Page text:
Fall is in full swing in the Western North Carolina mountain towns of Jackson County. That means crisp, cool air, breathtaking fall foliage and the annual return of the Shadow of the Bear. This one-of-a-kind natural phenomenon, an actual shadow of a bear, emerges every autumn on Cashiers Valley from behind Whiteside Mountain.
Reaching an elevation of 4,930 feet, Whiteside Mountain is one of the world’s oldest mountains, believed to be between 390 and 460 million years old. For a few weeks around dusk every fall, the mountain serves as the spot to observe a true natural spectacle, the Shadow of the Bear. As the sun sets, the shadow of the mountain creates an image of a Black Bear that looks to be rising slowly from the colorful valley below. Although the shadow does not resemble a specific type of bear, the black bear symbolizes courage and strength in the Cherokee culture. In fact, the spirit of the bear is meant to be a strong source of support in times of difficulty and provides courage to face challenges in one’s life.
According to the BlueRidgeHighlander.com, “Cherokee tales of the Black Bear are legendary here in the mountains, tales that can be either fact based, spiritual or mythical in origin. These Black Bear legends, along with many more Cherokee legends are affectionately shared in order to maintain a native tradition, relating this knowledge to others so that they won’t be lost from posterity. What the Cherokee people felt and believed about the Black Bear, add to the overall make up of who the Cherokee are as a people and their connection to this world, and as individuals connected to the spirit world itself.”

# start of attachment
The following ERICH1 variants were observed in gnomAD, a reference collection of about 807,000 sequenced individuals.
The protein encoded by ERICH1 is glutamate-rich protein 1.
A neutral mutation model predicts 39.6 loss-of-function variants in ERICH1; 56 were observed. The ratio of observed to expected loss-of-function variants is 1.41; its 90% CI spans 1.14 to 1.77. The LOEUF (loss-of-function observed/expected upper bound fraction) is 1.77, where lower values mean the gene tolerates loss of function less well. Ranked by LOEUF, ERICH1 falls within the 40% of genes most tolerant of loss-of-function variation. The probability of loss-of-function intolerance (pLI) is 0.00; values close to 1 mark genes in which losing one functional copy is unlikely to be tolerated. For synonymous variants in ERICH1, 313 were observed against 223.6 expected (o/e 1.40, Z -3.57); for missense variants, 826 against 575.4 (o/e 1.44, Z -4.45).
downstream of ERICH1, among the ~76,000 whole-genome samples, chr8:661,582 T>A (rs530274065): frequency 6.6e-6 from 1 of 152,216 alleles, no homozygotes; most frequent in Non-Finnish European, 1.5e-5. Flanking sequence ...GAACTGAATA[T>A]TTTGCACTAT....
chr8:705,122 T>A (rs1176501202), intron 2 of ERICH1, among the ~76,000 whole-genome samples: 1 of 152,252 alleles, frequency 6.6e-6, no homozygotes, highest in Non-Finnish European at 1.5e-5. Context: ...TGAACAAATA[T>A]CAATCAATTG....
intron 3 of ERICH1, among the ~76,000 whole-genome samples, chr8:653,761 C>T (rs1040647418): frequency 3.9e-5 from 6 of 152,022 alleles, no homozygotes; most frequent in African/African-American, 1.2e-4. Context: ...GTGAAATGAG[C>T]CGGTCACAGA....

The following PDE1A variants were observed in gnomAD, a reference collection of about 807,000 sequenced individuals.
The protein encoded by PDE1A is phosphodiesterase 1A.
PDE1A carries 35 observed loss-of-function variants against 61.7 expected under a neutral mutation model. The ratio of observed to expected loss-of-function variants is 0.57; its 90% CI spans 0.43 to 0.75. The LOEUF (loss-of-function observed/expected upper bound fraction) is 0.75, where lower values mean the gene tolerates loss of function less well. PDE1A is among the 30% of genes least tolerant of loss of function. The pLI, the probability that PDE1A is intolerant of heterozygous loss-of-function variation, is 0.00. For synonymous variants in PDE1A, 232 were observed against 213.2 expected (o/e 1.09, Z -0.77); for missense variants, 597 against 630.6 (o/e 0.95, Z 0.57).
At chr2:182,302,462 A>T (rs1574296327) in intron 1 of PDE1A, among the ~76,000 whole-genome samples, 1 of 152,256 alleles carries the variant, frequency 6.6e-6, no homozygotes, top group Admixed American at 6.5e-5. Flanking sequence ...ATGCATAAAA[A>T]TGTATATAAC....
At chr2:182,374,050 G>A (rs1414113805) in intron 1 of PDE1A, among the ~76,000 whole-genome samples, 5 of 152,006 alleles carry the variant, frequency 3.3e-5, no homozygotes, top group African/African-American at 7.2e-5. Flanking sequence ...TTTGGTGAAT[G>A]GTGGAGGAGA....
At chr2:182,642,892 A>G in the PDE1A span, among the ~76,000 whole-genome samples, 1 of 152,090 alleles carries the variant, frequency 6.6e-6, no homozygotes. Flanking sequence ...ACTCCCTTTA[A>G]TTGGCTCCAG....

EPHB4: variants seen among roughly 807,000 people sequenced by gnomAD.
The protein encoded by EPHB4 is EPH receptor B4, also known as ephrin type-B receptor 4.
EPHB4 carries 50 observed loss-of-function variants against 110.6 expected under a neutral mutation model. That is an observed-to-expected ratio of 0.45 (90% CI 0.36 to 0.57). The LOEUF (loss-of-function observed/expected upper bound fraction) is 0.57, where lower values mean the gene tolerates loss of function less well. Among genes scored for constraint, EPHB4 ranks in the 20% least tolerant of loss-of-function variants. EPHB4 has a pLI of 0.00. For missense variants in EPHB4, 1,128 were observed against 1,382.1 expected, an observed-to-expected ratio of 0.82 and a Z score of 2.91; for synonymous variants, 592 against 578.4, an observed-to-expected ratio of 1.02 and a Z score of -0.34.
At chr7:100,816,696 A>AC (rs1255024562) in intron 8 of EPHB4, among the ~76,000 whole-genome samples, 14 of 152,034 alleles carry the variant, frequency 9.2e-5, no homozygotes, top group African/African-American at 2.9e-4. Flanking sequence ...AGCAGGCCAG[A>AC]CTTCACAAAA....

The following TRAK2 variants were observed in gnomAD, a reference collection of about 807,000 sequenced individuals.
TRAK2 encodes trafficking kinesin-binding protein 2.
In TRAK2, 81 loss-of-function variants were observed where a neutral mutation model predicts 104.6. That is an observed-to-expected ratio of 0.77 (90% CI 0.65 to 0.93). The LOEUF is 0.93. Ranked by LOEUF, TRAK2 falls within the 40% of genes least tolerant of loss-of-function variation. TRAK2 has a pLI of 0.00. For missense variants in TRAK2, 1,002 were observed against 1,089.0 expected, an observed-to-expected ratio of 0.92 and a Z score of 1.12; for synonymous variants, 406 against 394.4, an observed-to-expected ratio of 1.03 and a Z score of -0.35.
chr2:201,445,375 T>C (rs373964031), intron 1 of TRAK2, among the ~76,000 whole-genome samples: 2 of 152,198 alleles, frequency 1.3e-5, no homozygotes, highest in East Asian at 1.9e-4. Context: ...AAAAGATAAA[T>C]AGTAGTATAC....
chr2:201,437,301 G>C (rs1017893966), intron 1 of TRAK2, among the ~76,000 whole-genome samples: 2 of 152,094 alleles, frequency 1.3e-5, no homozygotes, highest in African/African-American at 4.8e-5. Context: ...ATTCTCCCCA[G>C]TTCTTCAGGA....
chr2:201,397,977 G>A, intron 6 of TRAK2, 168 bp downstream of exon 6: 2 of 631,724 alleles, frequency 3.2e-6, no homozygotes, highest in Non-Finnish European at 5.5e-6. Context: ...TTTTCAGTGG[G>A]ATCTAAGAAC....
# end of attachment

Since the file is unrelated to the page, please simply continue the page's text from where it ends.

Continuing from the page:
As the sun sets behind Whiteside Mountain, the Shadow of the Bear appears – usually between 5:30 and 6 p.m. from mid-October through early November. Watch as it slowly evolves as the sun descends, starting as a small dark shadow before growing larger and morphing into what others have described as a turtle, a cat, a dog and possibly even a mouse (we’ll leave that up to you to decide), before finally taking on a bear shape.
The Shadow of the Bear has captured the imagination of many locals and visitors alike, but it’s also attracting attention from around the country. The Weather Channel featured the Shadow of the Bear in its 2017 article, “Fall-nomena: 10 Incredible Phenomena You Have to See in Fall.” It also was featured by Land Rover in one of its ad campaigns.
To see the Shadow of the Bear, the best place to view it is an unmarked overlook, known as the Rhodes Big View Overlook, along U.S. Highway 64 West between Cashiers and Highlands. There is no actual parking lot, so use caution when trying to view.
For the best view, arrive early; don’t be surprised if there are many others awaiting the shadow’s emergence. Also, because the shadow only appears on clear, sunny days, check the weather conditions before heading out. The bear will stay inside on overcast days.
When posting photos or videos of the Shadow of the Bear on social media, be sure to hashtag your posts with #ShadowoftheBear and #DiscoverJacksonNC.
To help plan your visit to see the Shadow of the Bear, download our visitors guide today. Be sure to catch the Shadow of the Bear this fall before it goes back into hibernation! If you are not able to make it this fall, the bear will also make a brief appearance next year from mid-February to early March.